Deep learning is a sub-field of machine learning and an aspect of artificial intelligence. To understand this more easily, understand that it is meant to emulate the learning approach that humans use to acquire certain types of knowledge. This is somewhat different from machine learning, often people get confused in this and machine learning. Deep learning uses a sequencing algorithm while machine learning uses a linear algorithm. To understand this more accurately, understand this example that if a child is identified with a flower, then he will ask again and again, is this flower?
This will be an interactive post using Google Colab notebooks. If you have not used Google Colab before, there is a quick-start tutorial at tutorialspoint. You can access the notebook at this link: Train your first DL model. First, make a copy and save it into your Drive so that you can access it and make changes. Next, make sure the runtime is set to GPU so you can make use of the free resources provided by Google.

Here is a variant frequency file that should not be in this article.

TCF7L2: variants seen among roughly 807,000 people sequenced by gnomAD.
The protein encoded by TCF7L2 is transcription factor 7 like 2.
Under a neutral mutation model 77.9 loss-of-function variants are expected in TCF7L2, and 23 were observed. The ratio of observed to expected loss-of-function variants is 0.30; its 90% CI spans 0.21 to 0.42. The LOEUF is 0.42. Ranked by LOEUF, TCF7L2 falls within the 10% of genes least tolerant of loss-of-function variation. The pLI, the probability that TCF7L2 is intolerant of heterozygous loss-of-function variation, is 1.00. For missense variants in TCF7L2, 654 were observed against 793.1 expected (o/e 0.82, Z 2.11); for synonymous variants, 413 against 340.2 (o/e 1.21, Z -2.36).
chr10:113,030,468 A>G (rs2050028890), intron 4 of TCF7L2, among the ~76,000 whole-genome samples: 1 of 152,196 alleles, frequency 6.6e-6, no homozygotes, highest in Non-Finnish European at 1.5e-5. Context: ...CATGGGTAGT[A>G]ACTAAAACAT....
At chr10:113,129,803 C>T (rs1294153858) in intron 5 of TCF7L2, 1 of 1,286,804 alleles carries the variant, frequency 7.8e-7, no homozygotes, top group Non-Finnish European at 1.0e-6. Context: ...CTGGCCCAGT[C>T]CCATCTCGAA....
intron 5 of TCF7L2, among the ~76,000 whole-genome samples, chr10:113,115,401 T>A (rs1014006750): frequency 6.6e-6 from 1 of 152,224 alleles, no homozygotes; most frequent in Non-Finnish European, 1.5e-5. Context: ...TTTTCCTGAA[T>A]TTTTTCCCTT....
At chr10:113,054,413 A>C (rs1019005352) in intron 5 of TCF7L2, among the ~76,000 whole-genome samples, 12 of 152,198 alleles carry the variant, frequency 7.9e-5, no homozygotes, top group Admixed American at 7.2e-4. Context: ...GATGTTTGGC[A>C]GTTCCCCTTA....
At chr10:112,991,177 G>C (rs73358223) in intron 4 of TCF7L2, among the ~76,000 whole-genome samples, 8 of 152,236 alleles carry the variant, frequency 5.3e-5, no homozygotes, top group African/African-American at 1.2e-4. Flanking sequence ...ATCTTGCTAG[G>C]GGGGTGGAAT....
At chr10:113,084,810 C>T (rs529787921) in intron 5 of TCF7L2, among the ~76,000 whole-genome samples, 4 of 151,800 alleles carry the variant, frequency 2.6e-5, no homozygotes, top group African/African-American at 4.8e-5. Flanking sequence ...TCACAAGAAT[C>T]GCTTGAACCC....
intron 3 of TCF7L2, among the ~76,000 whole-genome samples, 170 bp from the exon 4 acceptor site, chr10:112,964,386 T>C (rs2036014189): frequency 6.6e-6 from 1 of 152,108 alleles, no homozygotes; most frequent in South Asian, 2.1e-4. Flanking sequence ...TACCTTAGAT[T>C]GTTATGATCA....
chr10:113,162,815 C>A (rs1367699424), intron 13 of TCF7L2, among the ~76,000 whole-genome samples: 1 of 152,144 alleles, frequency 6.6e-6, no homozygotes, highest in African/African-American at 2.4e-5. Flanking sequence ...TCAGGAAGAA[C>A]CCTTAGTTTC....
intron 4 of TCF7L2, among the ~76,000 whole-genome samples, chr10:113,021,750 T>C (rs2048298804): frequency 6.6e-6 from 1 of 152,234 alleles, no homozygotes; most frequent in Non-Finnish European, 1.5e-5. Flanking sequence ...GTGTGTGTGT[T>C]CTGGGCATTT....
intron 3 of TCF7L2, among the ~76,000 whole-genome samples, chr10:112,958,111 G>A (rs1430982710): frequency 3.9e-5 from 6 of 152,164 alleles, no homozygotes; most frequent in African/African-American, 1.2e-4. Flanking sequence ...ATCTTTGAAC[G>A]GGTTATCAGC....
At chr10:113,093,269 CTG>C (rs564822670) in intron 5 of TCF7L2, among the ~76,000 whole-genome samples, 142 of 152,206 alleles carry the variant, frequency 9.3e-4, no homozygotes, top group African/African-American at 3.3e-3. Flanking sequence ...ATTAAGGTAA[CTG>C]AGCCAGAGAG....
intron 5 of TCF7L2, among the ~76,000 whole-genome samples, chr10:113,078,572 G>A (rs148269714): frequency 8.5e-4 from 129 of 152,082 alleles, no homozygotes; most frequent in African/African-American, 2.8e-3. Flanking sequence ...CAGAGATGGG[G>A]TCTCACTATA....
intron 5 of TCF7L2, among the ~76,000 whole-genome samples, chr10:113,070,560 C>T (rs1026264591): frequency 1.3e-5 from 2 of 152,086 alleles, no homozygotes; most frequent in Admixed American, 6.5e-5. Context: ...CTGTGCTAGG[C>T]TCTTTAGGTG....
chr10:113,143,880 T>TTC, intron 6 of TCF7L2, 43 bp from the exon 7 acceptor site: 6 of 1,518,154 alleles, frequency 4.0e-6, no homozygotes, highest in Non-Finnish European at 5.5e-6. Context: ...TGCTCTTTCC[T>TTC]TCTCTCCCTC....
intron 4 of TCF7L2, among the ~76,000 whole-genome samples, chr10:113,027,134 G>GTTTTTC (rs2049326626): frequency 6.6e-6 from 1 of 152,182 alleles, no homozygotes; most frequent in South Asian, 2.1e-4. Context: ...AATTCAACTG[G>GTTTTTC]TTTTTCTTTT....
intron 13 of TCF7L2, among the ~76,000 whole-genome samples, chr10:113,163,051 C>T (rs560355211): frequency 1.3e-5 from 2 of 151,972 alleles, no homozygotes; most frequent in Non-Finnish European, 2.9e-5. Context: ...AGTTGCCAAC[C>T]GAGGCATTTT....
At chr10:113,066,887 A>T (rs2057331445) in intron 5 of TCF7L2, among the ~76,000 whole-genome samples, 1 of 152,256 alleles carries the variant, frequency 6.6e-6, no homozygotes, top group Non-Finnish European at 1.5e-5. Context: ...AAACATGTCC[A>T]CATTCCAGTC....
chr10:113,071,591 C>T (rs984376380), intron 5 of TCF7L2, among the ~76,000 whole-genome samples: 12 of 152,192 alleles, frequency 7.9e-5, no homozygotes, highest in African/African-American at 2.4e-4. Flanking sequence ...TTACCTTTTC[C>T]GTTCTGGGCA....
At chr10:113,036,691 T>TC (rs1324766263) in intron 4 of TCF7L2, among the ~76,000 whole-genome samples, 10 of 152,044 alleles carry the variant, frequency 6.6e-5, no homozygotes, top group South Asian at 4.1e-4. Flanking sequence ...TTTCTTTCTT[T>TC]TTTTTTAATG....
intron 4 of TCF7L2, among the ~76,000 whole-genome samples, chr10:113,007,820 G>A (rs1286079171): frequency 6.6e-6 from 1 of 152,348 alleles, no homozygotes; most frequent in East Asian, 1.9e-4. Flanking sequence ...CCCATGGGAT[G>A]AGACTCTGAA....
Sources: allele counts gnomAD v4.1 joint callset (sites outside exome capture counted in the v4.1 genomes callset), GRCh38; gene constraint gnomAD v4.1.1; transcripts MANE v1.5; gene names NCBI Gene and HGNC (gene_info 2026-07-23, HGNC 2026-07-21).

These days we are hearing a lot about AI, but have you ever heard about EDGE AI ..? What does it mean and what is it used for? Network edge or edge, where data resides and collected. Edge computing processes data on local places like computers, IoT devices or Edge servers, here we are doing computation to a network edge which indeed reduces long-distance communication between client and server. Edge AI, where AI algorithms will locally process sensor data or signals that are created on hardware devices in less than a few milliseconds by providing real-time information. Most of the time the AI algorithms are being processed in cloud data centers with deep learning models, which consume heavy compute capacity.